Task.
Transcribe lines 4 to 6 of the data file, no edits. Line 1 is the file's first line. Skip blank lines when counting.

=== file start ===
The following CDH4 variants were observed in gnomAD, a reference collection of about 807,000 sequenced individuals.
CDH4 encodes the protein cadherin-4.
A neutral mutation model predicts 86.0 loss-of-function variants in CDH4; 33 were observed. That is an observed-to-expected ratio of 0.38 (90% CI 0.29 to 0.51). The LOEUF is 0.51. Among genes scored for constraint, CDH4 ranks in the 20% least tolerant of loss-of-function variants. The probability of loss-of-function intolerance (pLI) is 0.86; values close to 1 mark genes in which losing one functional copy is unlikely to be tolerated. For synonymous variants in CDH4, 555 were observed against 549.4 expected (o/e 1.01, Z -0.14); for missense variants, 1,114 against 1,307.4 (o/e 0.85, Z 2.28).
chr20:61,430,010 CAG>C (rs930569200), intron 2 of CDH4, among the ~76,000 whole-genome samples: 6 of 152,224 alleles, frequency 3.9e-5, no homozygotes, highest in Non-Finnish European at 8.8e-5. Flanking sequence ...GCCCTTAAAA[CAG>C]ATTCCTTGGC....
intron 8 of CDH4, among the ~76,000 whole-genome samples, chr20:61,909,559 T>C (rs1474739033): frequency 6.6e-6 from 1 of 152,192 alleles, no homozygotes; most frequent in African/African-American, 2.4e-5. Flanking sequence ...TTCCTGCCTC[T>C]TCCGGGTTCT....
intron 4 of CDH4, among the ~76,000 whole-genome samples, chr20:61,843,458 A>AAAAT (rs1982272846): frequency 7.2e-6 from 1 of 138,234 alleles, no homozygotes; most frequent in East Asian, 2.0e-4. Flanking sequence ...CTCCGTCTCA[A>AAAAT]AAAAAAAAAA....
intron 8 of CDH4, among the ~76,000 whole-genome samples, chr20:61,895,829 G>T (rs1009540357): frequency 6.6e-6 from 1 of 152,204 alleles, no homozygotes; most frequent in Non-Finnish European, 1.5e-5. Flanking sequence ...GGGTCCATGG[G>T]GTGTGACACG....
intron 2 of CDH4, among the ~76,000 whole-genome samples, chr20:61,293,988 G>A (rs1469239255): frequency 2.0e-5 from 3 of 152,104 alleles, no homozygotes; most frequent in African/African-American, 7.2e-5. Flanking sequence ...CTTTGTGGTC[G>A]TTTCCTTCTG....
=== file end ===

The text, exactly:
chr20:61,430,010 CAG>C (rs930569200), intron 2 of CDH4, among the ~76,000 whole-genome samples: 6 of 152,224 alleles, frequency 3.9e-5, no homozygotes, highest in Non-Finnish European at 8.8e-5. Flanking sequence ...GCCCTTAAAA[CAG>C]ATTCCTTGGC....
intron 8 of CDH4, among the ~76,000 whole-genome samples, chr20:61,909,559 T>C (rs1474739033): frequency 6.6e-6 from 1 of 152,192 alleles, no homozygotes; most frequent in African/African-American, 2.4e-5. Flanking sequence ...TTCCTGCCTC[T>C]TCCGGGTTCT....
intron 4 of CDH4, among the ~76,000 whole-genome samples, chr20:61,843,458 A>AAAAT (rs1982272846): frequency 7.2e-6 from 1 of 138,234 alleles, no homozygotes; most frequent in East Asian, 2.0e-4. Flanking sequence ...CTCCGTCTCA[A>AAAAT]AAAAAAAAAA....